Abyei — Five people were killed during an attack, allegedly by the South Sudanese army, on a village in the disputed Abyei region yesterday.
In a statement yesterday evening, Maj Gen Ezeldin Osman, head of the Joint Supervisory Committee for the Abyei Region, condemned the attack on a Dinka village in the Gouli area.
An estimated 70 South Sudanese soldiers clashed with the guards of the village, he said. Three villagers died, including a child. Three others were injured. Two of the attackers were killed as well.
The major general holds United Nations Interim Security Force for Abyei (Unisfa) indirectly responsible for "this unfortunate incident", and "their failure to protect the people of Abyei from this repeated violence by these forces".
The Joint Supervisory Committee did convey information to Unisfa about the presence of South Sudanese armed forces deployed in the area, he said. "We asked them to take appropriate measures with regard to this matter, which did not happen."
According to Osman legal and security measures must be taken "to put an end to these crimes".
Since the secession of South Sudan from Sudan in 2011, both countries claim the border area of Abyei. The oil-rich region is inhabited primarily by members of the South Sudanese Dinka Ngok clan. It is also the seasonal home of the Sudanese Arab Misseriya herder tribe.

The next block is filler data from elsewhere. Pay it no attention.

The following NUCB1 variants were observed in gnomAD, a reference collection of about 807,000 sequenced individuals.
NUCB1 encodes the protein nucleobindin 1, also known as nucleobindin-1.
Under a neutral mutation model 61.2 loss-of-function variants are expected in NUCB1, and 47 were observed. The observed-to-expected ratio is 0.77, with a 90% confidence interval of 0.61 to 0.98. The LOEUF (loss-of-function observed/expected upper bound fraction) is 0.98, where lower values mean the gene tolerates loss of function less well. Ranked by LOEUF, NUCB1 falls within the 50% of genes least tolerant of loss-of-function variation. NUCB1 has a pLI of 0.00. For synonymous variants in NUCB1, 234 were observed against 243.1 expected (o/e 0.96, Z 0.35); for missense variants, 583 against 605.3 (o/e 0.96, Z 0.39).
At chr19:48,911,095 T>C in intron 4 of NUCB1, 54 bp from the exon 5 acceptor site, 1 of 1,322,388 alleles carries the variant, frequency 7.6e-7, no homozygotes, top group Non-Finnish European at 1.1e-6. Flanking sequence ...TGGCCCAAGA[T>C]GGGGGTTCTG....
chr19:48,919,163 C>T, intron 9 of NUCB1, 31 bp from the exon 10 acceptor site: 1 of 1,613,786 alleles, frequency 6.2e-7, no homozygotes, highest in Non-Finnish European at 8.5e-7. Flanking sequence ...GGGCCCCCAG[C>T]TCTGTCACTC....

The Abyei status referendum, in which the residents of the region would decide either to remain part of Sudan or become part of South Sudan, was planned to be held simultaneously to the South Sudanese independence referendum in January 2011, but was postponed indefinitely because of disagreements over the process.
The United Nations Interim Security Force for Abyei (Unisfa) was established by the UN Security Council in June 2011 to monitor and verify the redeployment of armed forces from Abyei. Unisfa also has a mandate to protect civilians under imminent threat of physical violence, to protect the area from incursions by unauthorized elements, and ensure security.
Unisfa deploys 5,326 military personnel and 50 police officers. The UN mission costs $268 million a year (figure from 2017).
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